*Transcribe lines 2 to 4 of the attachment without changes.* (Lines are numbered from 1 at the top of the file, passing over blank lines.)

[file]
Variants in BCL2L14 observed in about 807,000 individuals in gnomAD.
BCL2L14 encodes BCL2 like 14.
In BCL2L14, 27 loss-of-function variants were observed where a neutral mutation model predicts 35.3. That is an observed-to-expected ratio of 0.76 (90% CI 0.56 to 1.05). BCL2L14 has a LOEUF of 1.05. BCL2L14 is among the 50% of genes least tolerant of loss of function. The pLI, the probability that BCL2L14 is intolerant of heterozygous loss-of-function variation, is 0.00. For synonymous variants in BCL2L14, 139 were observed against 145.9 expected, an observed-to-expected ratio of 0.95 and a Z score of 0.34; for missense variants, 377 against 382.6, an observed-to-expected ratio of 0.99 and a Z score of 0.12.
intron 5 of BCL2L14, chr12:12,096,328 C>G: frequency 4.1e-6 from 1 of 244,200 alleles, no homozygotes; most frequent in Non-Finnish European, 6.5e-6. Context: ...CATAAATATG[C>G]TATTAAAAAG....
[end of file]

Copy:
BCL2L14 encodes BCL2 like 14.
In BCL2L14, 27 loss-of-function variants were observed where a neutral mutation model predicts 35.3. That is an observed-to-expected ratio of 0.76 (90% CI 0.56 to 1.05). BCL2L14 has a LOEUF of 1.05. BCL2L14 is among the 50% of genes least tolerant of loss of function. The pLI, the probability that BCL2L14 is intolerant of heterozygous loss-of-function variation, is 0.00. For synonymous variants in BCL2L14, 139 were observed against 145.9 expected, an observed-to-expected ratio of 0.95 and a Z score of 0.34; for missense variants, 377 against 382.6, an observed-to-expected ratio of 0.99 and a Z score of 0.12.
intron 5 of BCL2L14, chr12:12,096,328 C>G: frequency 4.1e-6 from 1 of 244,200 alleles, no homozygotes; most frequent in Non-Finnish European, 6.5e-6. Context: ...CATAAATATG[C>G]TATTAAAAAG....